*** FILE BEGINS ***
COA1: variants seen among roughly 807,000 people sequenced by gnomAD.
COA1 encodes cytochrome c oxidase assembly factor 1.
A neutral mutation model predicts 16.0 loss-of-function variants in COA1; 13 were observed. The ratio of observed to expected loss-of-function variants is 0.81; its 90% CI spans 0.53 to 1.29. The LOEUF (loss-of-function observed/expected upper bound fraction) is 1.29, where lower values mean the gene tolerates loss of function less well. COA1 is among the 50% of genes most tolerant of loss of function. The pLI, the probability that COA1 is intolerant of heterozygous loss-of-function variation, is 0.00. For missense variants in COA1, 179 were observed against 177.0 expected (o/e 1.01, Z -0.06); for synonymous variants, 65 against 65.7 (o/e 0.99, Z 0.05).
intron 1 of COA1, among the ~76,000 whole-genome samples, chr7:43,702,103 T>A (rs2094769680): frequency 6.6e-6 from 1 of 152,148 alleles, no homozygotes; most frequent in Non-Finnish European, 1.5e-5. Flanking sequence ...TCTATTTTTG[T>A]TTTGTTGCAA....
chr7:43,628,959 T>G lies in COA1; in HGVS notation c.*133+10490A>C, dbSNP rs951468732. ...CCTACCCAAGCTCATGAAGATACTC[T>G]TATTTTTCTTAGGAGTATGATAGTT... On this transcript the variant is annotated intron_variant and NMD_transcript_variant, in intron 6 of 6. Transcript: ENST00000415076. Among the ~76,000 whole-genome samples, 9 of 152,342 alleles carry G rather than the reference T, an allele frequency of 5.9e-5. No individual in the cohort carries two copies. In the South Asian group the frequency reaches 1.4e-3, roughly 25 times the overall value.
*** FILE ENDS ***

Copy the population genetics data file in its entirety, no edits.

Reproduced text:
COA1: variants seen among roughly 807,000 people sequenced by gnomAD.
COA1 encodes cytochrome c oxidase assembly factor 1.
A neutral mutation model predicts 16.0 loss-of-function variants in COA1; 13 were observed. The ratio of observed to expected loss-of-function variants is 0.81; its 90% CI spans 0.53 to 1.29. The LOEUF (loss-of-function observed/expected upper bound fraction) is 1.29, where lower values mean the gene tolerates loss of function less well. COA1 is among the 50% of genes most tolerant of loss of function. The pLI, the probability that COA1 is intolerant of heterozygous loss-of-function variation, is 0.00. For missense variants in COA1, 179 were observed against 177.0 expected (o/e 1.01, Z -0.06); for synonymous variants, 65 against 65.7 (o/e 0.99, Z 0.05).
intron 1 of COA1, among the ~76,000 whole-genome samples, chr7:43,702,103 T>A (rs2094769680): frequency 6.6e-6 from 1 of 152,148 alleles, no homozygotes; most frequent in Non-Finnish European, 1.5e-5. Flanking sequence ...TCTATTTTTG[T>A]TTTGTTGCAA....
chr7:43,628,959 T>G lies in COA1; in HGVS notation c.*133+10490A>C, dbSNP rs951468732. ...CCTACCCAAGCTCATGAAGATACTC[T>G]TATTTTTCTTAGGAGTATGATAGTT... On this transcript the variant is annotated intron_variant and NMD_transcript_variant, in intron 6 of 6. Transcript: ENST00000415076. Among the ~76,000 whole-genome samples, 9 of 152,342 alleles carry G rather than the reference T, an allele frequency of 5.9e-5. No individual in the cohort carries two copies. In the South Asian group the frequency reaches 1.4e-3, roughly 25 times the overall value.